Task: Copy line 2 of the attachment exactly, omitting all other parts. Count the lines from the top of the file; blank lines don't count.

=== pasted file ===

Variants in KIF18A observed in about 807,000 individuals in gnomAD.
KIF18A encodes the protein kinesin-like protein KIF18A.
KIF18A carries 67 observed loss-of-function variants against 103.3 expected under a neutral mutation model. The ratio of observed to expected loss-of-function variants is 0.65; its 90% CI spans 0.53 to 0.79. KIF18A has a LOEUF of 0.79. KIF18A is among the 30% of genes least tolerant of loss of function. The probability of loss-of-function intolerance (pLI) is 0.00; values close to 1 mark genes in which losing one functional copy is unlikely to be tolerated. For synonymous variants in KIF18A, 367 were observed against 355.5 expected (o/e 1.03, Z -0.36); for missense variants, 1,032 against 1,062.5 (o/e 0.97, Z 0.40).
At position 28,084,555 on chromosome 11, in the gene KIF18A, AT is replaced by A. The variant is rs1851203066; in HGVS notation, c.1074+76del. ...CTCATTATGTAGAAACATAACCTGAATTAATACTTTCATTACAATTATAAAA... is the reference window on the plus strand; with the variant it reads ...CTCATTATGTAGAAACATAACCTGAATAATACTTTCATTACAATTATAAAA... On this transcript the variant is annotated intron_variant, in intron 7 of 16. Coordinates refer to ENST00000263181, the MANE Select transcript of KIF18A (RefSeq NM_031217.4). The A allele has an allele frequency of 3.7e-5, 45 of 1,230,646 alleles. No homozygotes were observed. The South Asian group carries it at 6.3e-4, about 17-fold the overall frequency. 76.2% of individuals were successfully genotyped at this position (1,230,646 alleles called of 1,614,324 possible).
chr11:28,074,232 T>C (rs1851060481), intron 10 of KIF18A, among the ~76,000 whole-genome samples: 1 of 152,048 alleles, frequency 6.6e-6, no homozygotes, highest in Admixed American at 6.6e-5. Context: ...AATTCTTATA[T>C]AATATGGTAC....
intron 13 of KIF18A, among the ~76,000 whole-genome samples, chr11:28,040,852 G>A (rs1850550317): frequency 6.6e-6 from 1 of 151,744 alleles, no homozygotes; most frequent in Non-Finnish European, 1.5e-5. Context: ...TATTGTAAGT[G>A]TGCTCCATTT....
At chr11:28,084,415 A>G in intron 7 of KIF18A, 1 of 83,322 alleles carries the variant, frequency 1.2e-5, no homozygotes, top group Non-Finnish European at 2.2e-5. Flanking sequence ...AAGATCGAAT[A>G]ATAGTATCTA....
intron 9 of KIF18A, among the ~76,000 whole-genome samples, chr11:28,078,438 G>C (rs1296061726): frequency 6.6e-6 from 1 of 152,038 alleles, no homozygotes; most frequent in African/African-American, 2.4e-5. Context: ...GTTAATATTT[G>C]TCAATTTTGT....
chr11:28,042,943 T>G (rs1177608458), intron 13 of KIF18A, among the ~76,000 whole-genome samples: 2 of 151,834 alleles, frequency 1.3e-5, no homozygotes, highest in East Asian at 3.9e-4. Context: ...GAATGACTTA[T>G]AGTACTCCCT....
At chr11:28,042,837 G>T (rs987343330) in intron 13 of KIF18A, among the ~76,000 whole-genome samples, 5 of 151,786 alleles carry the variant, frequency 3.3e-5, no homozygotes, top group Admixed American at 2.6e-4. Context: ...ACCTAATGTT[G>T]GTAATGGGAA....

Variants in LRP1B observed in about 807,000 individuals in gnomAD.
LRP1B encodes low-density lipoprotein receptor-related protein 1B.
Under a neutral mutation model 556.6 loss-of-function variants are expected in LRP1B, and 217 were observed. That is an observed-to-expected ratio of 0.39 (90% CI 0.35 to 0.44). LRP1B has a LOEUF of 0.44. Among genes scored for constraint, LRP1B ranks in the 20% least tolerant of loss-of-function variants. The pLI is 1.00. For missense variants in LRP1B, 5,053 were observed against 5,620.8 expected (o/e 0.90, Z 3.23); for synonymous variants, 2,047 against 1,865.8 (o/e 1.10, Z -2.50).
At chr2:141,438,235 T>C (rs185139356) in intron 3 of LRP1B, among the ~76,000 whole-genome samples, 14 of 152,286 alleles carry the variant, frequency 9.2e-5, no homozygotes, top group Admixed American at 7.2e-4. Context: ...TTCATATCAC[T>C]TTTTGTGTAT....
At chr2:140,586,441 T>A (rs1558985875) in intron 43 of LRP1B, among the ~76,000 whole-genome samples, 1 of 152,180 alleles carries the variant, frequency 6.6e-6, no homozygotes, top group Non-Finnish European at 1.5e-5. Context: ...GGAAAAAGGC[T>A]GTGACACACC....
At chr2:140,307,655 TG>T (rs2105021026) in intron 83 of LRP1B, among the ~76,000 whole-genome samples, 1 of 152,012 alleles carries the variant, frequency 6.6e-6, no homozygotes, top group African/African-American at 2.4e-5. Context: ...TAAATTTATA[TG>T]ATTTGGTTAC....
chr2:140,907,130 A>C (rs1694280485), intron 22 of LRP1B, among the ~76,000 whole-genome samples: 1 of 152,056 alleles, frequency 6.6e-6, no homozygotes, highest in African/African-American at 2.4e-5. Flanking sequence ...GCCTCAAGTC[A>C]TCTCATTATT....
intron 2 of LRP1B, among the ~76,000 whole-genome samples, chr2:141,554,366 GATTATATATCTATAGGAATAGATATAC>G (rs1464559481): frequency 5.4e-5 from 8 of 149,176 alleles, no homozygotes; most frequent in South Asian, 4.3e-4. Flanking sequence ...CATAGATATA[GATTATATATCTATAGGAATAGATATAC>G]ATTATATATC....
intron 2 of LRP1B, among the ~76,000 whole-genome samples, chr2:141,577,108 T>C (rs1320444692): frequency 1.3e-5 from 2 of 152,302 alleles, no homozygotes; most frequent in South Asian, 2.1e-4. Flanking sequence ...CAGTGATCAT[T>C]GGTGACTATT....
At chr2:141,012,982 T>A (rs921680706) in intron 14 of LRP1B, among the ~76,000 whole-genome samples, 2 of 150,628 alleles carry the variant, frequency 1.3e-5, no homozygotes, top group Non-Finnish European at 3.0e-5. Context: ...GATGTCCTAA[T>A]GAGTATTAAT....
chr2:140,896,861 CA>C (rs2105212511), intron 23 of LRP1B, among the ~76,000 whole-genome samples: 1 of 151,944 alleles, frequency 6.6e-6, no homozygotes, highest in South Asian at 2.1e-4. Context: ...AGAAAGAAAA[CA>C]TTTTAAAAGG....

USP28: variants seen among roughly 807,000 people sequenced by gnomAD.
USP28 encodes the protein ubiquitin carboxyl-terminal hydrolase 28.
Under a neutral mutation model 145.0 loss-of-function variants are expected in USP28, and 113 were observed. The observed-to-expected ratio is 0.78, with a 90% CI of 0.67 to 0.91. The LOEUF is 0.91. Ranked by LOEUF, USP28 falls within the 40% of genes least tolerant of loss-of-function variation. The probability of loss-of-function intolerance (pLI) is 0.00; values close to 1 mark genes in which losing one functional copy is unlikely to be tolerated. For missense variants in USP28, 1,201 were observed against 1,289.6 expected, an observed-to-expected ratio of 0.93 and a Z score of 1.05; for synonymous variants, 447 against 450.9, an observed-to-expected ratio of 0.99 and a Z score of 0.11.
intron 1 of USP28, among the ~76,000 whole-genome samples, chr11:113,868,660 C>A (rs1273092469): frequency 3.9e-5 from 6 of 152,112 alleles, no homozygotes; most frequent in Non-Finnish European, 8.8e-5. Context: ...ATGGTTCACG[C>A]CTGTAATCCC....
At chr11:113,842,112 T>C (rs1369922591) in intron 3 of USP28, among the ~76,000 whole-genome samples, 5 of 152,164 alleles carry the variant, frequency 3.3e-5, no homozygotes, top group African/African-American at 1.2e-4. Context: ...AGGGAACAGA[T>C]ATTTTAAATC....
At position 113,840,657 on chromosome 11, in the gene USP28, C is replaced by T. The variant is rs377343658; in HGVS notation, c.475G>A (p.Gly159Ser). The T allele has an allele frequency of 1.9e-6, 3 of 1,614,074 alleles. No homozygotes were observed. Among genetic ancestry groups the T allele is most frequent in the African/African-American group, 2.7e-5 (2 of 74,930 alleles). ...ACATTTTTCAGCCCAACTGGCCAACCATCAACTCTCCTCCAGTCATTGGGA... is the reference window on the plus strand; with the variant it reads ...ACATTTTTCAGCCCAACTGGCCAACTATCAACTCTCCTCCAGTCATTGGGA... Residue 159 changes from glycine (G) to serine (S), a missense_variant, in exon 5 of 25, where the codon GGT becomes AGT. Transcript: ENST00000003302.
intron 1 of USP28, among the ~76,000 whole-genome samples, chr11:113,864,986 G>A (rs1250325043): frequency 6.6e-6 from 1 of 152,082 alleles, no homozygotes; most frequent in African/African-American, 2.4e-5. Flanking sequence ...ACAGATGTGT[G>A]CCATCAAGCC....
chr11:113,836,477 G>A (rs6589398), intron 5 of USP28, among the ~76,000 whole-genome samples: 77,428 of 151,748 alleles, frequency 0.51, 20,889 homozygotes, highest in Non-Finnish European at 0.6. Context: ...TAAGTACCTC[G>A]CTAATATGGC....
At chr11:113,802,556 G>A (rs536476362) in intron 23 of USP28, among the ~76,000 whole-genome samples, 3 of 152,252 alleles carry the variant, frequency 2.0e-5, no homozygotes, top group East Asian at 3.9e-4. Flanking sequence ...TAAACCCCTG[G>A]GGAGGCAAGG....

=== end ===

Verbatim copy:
KIF18A encodes the protein kinesin-like protein KIF18A.